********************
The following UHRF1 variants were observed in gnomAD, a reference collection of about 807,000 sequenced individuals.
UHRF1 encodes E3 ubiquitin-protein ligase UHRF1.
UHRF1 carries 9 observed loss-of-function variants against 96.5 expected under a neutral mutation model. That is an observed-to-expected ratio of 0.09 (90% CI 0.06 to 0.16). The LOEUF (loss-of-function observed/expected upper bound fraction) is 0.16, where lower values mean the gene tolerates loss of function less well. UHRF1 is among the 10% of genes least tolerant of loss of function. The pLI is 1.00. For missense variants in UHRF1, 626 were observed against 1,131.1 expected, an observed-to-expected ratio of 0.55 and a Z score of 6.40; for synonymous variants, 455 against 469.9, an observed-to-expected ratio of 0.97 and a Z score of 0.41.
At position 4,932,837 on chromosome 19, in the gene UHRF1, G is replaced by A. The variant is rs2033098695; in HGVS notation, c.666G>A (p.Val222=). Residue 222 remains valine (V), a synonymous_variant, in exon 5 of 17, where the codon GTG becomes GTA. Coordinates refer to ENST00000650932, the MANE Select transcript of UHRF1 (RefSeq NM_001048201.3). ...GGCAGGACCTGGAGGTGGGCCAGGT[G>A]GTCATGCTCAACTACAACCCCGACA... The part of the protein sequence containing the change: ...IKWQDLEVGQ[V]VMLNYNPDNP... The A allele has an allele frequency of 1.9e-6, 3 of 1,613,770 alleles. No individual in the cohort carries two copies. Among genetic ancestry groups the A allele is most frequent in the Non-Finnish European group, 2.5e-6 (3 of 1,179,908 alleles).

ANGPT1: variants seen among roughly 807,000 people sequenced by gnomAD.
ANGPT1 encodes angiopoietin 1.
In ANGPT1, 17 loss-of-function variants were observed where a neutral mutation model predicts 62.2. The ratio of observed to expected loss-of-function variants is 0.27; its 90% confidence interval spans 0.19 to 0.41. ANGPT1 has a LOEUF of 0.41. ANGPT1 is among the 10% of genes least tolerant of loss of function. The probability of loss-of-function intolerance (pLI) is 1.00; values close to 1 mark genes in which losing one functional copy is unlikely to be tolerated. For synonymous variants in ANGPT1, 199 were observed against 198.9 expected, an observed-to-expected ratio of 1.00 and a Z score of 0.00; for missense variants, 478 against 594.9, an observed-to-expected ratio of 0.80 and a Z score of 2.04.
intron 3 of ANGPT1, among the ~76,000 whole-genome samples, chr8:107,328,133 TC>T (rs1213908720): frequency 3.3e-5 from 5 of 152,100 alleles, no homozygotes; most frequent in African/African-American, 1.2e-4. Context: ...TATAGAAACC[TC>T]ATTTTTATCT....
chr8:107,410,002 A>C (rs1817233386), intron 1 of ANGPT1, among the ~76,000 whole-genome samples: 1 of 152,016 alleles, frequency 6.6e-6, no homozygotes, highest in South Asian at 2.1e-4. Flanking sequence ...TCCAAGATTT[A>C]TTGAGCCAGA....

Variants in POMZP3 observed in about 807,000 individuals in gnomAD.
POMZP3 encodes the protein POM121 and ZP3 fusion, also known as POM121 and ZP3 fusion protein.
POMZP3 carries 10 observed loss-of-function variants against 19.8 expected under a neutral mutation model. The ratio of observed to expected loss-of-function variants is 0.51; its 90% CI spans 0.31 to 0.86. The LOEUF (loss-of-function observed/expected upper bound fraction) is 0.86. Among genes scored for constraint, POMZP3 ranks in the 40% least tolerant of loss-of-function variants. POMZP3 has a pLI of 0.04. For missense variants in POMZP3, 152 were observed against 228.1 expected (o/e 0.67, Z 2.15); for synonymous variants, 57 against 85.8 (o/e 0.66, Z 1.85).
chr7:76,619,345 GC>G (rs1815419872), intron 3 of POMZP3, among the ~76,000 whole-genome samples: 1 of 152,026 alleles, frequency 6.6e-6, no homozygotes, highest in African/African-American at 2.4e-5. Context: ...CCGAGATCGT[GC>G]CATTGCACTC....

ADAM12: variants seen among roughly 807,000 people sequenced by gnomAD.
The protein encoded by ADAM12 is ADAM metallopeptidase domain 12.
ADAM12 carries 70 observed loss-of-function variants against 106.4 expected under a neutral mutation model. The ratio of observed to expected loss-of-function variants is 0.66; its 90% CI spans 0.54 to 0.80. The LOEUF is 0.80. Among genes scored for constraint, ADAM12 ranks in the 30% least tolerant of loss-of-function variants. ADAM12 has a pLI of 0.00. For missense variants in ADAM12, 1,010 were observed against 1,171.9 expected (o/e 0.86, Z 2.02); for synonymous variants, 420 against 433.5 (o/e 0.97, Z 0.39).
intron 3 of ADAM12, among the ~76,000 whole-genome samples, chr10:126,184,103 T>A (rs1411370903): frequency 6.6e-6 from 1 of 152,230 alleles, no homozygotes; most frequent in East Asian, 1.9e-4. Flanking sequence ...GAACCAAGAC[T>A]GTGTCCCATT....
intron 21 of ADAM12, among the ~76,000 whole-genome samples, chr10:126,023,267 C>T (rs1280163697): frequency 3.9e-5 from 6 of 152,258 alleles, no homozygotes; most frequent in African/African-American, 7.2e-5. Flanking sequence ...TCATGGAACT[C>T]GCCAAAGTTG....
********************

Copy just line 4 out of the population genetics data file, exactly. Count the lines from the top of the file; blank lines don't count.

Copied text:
At position 4,932,837 on chromosome 19, in the gene UHRF1, G is replaced by A. The variant is rs2033098695; in HGVS notation, c.666G>A (p.Val222=). Residue 222 remains valine (V), a synonymous_variant, in exon 5 of 17, where the codon GTG becomes GTA. Coordinates refer to ENST00000650932, the MANE Select transcript of UHRF1 (RefSeq NM_001048201.3). ...GGCAGGACCTGGAGGTGGGCCAGGT[G>A]GTCATGCTCAACTACAACCCCGACA... The part of the protein sequence containing the change: ...IKWQDLEVGQ[V]VMLNYNPDNP... The A allele has an allele frequency of 1.9e-6, 3 of 1,613,770 alleles. No individual in the cohort carries two copies. Among genetic ancestry groups the A allele is most frequent in the Non-Finnish European group, 2.5e-6 (3 of 1,179,908 alleles).